4. The CSIA effectively curtails the rights of states to determine their own standards of protection in environmental, occupational, and other public health arenas. The bill would prohibit states from taking action once the U.S. EPA designated a chemical as either a high or low priority, or if EPA simply began a safety determination process. A waiver provision for states to act is limited and cumbersome and is unlikely to succeed in many cases. We need a federal law that is as protective as possible, but states absolutely must retain the right to set a higher bar than federal minimums. Furthermore, under the CSIA, “no State or political subdivision of a State may establish or continue to enforce…” current laws that in any way pertain to a chemical that EPA begins to address. This means that current and proposed regulations that offer real preventive action about chemicals would be invalidated. This would be particularly harmful in California, affecting occupational health regulations (e.g., registering the presence of carcinogens in occupational settings, the 200-plus permissible exposure limits/PELS unique to the state), environmental health regulations (e.g., the Safer Consumer Products Regulations) and public health activities (e.g., about lead).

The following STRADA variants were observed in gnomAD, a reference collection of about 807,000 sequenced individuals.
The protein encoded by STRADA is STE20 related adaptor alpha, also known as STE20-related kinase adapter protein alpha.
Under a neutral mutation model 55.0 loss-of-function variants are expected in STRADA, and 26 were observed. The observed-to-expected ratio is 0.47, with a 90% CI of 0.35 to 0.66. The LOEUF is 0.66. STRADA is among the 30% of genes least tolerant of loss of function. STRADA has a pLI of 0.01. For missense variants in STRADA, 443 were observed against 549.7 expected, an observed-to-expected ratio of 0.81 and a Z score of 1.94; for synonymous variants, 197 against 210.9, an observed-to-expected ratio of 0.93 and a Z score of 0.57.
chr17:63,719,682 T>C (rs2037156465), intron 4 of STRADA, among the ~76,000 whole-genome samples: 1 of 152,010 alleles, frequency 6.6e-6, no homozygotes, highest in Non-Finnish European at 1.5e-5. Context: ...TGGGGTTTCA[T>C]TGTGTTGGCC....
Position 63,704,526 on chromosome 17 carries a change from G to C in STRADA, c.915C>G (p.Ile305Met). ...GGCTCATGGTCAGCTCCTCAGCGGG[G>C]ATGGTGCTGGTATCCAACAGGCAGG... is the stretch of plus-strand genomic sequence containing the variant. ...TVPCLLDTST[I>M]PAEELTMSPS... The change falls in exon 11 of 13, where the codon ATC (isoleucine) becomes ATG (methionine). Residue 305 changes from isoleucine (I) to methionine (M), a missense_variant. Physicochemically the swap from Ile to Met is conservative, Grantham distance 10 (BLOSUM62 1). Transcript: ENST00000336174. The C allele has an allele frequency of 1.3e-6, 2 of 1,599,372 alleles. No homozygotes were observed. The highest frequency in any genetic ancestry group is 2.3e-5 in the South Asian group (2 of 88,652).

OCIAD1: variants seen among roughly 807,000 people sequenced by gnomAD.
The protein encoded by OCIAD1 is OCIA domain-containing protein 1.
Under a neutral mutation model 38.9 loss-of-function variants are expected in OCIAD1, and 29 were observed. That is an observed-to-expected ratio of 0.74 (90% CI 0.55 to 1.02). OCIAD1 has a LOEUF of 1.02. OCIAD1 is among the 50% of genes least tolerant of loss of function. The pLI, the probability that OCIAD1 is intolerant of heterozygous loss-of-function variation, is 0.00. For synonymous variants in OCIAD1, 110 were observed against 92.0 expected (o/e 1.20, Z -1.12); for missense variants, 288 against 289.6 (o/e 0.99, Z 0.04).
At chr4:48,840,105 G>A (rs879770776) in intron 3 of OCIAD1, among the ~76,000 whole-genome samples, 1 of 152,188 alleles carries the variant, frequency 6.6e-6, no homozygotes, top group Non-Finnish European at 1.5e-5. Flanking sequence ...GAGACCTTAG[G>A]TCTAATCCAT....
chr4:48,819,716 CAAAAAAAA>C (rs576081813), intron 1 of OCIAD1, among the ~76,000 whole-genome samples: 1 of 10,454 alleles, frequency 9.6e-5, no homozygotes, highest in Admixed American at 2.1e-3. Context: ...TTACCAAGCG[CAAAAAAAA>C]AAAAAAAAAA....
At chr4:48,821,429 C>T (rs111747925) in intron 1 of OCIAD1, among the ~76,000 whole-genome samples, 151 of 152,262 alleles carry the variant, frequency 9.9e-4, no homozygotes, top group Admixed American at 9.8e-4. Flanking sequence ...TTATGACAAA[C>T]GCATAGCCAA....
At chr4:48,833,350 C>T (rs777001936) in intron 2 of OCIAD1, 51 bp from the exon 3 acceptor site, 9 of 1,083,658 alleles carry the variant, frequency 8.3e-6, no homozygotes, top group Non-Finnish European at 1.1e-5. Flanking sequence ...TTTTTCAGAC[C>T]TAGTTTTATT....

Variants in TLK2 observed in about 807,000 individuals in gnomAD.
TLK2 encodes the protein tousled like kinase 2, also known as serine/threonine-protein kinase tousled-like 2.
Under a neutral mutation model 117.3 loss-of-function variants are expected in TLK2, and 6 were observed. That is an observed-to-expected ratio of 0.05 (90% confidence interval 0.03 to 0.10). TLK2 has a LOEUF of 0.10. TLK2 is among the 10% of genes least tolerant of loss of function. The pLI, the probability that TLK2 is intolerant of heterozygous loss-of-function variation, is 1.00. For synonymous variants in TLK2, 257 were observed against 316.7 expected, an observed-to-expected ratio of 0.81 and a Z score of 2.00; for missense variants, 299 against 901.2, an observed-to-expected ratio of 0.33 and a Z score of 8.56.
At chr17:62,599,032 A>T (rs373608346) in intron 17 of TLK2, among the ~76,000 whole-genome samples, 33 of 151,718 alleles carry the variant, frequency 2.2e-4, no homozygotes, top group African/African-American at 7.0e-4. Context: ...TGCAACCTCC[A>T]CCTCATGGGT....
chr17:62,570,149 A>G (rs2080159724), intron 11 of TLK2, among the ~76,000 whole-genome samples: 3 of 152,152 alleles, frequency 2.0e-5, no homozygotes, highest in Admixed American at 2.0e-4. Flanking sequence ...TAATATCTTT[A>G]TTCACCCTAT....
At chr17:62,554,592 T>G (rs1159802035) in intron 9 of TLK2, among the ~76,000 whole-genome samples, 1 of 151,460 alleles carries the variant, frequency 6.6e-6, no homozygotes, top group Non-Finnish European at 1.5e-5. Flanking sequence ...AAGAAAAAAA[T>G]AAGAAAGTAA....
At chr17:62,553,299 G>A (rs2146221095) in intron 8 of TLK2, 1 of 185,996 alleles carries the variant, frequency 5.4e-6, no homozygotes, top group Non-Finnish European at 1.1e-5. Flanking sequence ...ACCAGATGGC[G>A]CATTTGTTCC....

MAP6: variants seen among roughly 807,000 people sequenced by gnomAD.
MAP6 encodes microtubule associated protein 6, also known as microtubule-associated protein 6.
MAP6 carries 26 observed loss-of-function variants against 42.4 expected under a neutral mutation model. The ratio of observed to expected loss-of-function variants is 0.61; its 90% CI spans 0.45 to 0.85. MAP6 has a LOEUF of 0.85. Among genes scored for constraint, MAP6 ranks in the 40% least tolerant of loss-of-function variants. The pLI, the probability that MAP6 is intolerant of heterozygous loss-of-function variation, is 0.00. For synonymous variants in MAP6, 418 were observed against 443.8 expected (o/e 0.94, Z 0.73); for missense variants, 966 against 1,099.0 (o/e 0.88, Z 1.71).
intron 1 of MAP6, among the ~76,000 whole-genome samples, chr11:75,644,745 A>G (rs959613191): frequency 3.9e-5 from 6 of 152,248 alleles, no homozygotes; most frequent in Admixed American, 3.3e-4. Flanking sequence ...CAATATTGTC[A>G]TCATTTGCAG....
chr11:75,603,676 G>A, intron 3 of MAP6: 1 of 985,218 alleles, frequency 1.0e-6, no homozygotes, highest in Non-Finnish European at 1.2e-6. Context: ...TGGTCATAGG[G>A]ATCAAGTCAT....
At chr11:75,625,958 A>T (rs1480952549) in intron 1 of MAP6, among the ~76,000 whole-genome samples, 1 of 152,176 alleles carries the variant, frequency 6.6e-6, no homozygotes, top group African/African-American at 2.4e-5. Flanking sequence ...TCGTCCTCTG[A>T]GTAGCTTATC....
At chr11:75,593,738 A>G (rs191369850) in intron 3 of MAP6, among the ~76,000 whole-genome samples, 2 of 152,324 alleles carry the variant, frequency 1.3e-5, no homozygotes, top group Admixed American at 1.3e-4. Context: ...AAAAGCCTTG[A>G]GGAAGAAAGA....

5. The CSIA has no timelines or milestones for EPA action, instead calling for EPA action “from time to time” or in a “timely manner.” We know from experience that regulatory action to prevent or reduce harm from chemicals is a long process in the best of circumstances. EPA must have firm deadlines and deliverables to advance its obligations under any new law.